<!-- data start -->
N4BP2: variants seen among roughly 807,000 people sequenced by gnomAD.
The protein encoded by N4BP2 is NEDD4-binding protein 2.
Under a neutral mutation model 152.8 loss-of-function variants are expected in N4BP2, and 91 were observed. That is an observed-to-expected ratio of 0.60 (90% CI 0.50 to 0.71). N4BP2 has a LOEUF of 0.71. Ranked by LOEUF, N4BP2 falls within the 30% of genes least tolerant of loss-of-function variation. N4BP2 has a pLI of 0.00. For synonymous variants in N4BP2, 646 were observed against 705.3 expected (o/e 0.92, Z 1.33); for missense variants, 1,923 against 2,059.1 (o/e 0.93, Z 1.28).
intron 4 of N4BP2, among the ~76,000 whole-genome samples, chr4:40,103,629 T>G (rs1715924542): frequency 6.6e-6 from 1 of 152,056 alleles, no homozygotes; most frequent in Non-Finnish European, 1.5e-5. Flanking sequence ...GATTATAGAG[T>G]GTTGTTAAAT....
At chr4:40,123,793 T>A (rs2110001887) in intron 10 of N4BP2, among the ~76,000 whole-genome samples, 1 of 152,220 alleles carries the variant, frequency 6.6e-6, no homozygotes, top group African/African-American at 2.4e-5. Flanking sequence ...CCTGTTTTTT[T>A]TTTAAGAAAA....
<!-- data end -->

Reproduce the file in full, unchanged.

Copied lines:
N4BP2: variants seen among roughly 807,000 people sequenced by gnomAD.
The protein encoded by N4BP2 is NEDD4-binding protein 2.
Under a neutral mutation model 152.8 loss-of-function variants are expected in N4BP2, and 91 were observed. That is an observed-to-expected ratio of 0.60 (90% CI 0.50 to 0.71). N4BP2 has a LOEUF of 0.71. Ranked by LOEUF, N4BP2 falls within the 30% of genes least tolerant of loss-of-function variation. N4BP2 has a pLI of 0.00. For synonymous variants in N4BP2, 646 were observed against 705.3 expected (o/e 0.92, Z 1.33); for missense variants, 1,923 against 2,059.1 (o/e 0.93, Z 1.28).
intron 4 of N4BP2, among the ~76,000 whole-genome samples, chr4:40,103,629 T>G (rs1715924542): frequency 6.6e-6 from 1 of 152,056 alleles, no homozygotes; most frequent in Non-Finnish European, 1.5e-5. Flanking sequence ...GATTATAGAG[T>G]GTTGTTAAAT....
At chr4:40,123,793 T>A (rs2110001887) in intron 10 of N4BP2, among the ~76,000 whole-genome samples, 1 of 152,220 alleles carries the variant, frequency 6.6e-6, no homozygotes, top group African/African-American at 2.4e-5. Flanking sequence ...CCTGTTTTTT[T>A]TTTAAGAAAA....